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& Feet

Canadian Certified Pedorthists – C. Ped (C) - urge Canadians living with Diabetes to make footcare a daily priority. An estimated 2.3 million Canadians currently live with diabetes and 14 - 24 per cent of those at risk of developing a foot ulcer that will result in the amputation of a foot or leg.

Long term complications in people with diabetes frequently manifest in foot problems such as infections and ulcerations that can lead to amputation. In fact, foot problems are the leading cause of hospitalization for Canadians living with the Diabetes.

The majority of foot problems diagnosed in people with diabetes could have been avoided through daily footcare and proper shoe selection. Many people with diabetes have reduced circulation or sensation in their feet (called neuropathy), and are not able to feel if something in the shoe or the shoe itself is irritating their foot causing wounds or ulcers. With this in mind, it is vital for them to visually examine their feet and have their shoes professionally fitted rather than relying on how their feet 'feel' to avoid foot problems.

The Canadian Diabetes Association (www.diabetes.ca) recommends that all people with diabetes should be instructed on proper footcare and have foot examinations at least once a year to avoid the risk of amputation. Foot examinations should include an assessment of any structural abnormalities of the foot such as feet that lean excessively to one side, causing friction between the side of the foot and the shoe, signs of neuropathy and vascular disease, and evidence of any ulcerations and/or infections.

Along with regular foot examinations, a daily footcare routine and proper shoe selection are equally vital to help maintain the health of the feet and protect against foot problems that could lead to amputation. For patients with diabetes, Canadian Certified Pedorthists recommend the following footcare and shoe fitting tips:

Footcare: Pedorthic Pointers for Patients
  • Check your feet daily by visually inspecting them. Be alert for redness, swelling, broken skin, sores or bleeding. See your doctor immediately if any of these problems arise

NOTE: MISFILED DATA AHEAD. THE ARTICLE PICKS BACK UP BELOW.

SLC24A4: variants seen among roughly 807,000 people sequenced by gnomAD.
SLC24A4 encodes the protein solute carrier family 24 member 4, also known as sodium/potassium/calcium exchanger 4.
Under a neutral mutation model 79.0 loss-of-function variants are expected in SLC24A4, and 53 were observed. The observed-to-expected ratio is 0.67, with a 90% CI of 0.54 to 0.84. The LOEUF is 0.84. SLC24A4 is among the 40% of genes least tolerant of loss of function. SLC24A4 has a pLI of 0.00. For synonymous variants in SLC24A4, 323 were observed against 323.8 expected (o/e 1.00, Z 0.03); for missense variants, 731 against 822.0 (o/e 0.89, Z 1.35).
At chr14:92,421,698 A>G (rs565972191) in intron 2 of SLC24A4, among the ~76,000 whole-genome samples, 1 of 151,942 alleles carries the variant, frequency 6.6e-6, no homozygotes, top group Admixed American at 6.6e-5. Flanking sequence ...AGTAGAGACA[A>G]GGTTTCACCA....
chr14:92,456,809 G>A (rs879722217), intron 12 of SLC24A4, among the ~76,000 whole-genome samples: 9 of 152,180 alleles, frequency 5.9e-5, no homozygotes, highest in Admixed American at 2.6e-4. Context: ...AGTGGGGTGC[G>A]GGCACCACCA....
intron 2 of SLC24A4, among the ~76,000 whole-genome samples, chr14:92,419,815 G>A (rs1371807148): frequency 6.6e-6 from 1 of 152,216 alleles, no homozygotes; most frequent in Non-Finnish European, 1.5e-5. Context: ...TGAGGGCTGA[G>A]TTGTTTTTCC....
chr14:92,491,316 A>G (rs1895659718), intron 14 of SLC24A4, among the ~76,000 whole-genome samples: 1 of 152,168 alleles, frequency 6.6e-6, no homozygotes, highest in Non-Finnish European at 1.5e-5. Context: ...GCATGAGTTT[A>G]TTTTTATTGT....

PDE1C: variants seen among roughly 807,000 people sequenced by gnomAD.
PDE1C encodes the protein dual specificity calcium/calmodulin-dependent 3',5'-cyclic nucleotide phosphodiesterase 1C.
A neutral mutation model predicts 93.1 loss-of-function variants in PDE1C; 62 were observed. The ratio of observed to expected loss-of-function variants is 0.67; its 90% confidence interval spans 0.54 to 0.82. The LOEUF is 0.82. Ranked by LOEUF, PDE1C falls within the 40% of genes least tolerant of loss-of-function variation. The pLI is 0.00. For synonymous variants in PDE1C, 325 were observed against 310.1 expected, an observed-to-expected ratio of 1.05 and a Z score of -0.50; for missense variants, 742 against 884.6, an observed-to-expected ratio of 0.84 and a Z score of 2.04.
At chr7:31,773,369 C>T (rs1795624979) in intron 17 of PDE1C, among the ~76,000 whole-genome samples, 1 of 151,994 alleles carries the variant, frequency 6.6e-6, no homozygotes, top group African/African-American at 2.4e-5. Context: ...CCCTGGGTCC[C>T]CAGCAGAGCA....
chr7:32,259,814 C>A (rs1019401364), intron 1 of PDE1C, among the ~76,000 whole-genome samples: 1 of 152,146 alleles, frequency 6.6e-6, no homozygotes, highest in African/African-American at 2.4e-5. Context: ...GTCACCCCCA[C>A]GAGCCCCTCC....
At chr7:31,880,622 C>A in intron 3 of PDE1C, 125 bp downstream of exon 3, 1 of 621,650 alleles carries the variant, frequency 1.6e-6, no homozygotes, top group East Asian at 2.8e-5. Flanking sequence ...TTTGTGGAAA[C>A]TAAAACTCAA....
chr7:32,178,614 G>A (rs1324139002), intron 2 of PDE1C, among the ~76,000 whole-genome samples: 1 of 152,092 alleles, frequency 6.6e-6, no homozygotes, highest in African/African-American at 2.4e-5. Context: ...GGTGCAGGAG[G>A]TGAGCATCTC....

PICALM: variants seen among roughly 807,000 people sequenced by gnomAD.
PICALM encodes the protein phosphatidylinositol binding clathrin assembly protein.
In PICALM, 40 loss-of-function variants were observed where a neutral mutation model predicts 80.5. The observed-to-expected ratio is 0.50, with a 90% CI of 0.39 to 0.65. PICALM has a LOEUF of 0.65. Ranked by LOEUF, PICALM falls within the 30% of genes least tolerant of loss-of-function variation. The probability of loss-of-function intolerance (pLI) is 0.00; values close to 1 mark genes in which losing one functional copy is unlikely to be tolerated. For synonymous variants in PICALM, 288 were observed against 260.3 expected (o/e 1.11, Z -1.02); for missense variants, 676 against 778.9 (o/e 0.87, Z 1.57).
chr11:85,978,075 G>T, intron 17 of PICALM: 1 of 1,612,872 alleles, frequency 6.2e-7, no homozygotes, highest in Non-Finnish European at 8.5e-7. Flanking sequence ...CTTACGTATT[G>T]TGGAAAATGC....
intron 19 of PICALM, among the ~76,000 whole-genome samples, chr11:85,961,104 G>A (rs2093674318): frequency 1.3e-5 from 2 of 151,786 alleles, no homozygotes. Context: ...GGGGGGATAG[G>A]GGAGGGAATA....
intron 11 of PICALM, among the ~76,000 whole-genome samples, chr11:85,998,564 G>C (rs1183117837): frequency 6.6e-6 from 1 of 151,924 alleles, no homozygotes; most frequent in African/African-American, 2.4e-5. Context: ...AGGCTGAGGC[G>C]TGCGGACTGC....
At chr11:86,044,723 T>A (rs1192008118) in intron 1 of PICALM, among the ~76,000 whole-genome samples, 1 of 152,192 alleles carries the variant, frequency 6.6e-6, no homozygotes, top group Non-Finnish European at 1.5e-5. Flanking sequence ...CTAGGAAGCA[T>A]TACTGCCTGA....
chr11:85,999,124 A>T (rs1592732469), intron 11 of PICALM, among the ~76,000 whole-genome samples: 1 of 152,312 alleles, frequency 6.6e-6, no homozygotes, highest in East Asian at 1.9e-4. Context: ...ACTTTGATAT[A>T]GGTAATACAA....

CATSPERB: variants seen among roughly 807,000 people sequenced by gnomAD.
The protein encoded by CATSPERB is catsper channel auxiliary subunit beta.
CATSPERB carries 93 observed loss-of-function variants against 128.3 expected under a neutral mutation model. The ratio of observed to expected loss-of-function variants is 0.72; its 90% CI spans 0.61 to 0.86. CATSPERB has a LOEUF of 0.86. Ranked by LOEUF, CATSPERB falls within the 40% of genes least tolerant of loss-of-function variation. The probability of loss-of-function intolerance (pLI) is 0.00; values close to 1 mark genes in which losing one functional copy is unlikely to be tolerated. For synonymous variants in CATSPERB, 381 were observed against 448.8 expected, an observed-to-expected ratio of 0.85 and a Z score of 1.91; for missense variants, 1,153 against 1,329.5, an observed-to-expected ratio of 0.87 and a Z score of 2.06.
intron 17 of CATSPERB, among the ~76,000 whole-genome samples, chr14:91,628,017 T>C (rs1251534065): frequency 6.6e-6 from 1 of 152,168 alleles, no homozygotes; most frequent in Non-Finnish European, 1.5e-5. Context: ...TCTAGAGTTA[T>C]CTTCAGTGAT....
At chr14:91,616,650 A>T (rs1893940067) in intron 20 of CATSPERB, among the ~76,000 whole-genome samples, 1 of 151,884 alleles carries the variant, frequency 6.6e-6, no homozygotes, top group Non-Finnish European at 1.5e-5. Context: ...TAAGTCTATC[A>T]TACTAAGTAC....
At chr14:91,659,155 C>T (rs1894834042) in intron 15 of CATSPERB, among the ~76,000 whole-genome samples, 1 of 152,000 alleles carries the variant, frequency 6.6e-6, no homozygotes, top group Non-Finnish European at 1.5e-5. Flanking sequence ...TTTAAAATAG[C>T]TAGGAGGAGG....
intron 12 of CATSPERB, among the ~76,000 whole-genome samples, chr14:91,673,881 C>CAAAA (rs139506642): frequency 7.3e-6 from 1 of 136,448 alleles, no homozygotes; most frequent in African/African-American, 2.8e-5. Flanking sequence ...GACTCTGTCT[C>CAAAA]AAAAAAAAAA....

• Wear shoes around the home - as well as outdoors - to protect feet from injury
  • Wash your feet with soap and warm water every day, but do not soak them
  • Avoid heat pads or hot water bottles even though your feet might get cold easily. With a lack of sensation it is easy to burn the feet without noticing if the water is too hot
  • Avoid socks with heavy seams, as they can cause irritation of the skin and lead to breakdown or ulceration
  • Avoid tight constrictive socks and clothing that can limit blood flow to the extremities
Shoe Selection: Pedorthic Pointers for Patients
  • Have your shoes fitted properly by a trained specialist such as a Canadian Certified Pedorthist
  • Key features for diabetic footwear include soft uppers with minimal seams, deep and wide toe boxes to reduce abnormal pressure, firm but cushioned soles, removable insoles, a strong heel counter, and a rockered sole
  • Lace up shoes offer a versatile fit and should be used if possible or alternatively use Velcro closures if tying laces is difficult.
  • Avoid slip-on and restrictive footwear such as high heels with pointed toes or shoes that are narrow in style as they depend on a tight fit to stay on the foot
  • When buying new shoes, a good practice is to remove the insole from the shoe and stand on it to see if your foot overlaps the insole, indicating that the shoe is too narrow or short for your foot
  • There should be a full finger width between the end of the longest toe and the end of the shoe
  • Avoid seams over the toe area of your shoes. Seams resist stretching and create bumps that can rub against the skin and cause it to break down or ulcerate
  • If you have a problem with lower limb swelling, graduated compression stockings can help control swelling and improve the fit of shoes over the course of a day
If you are experiencing foot pain or discomfort, you should consult your physician for a proper diagnosis and an appropriate treatment plan. Your doctor may refer you to a Canadian Certified Pedorthist for pedorthic management services including orthopaedic footwear, shoe selection guidance and orthotics.
Reference: Pedorthic Association Canada
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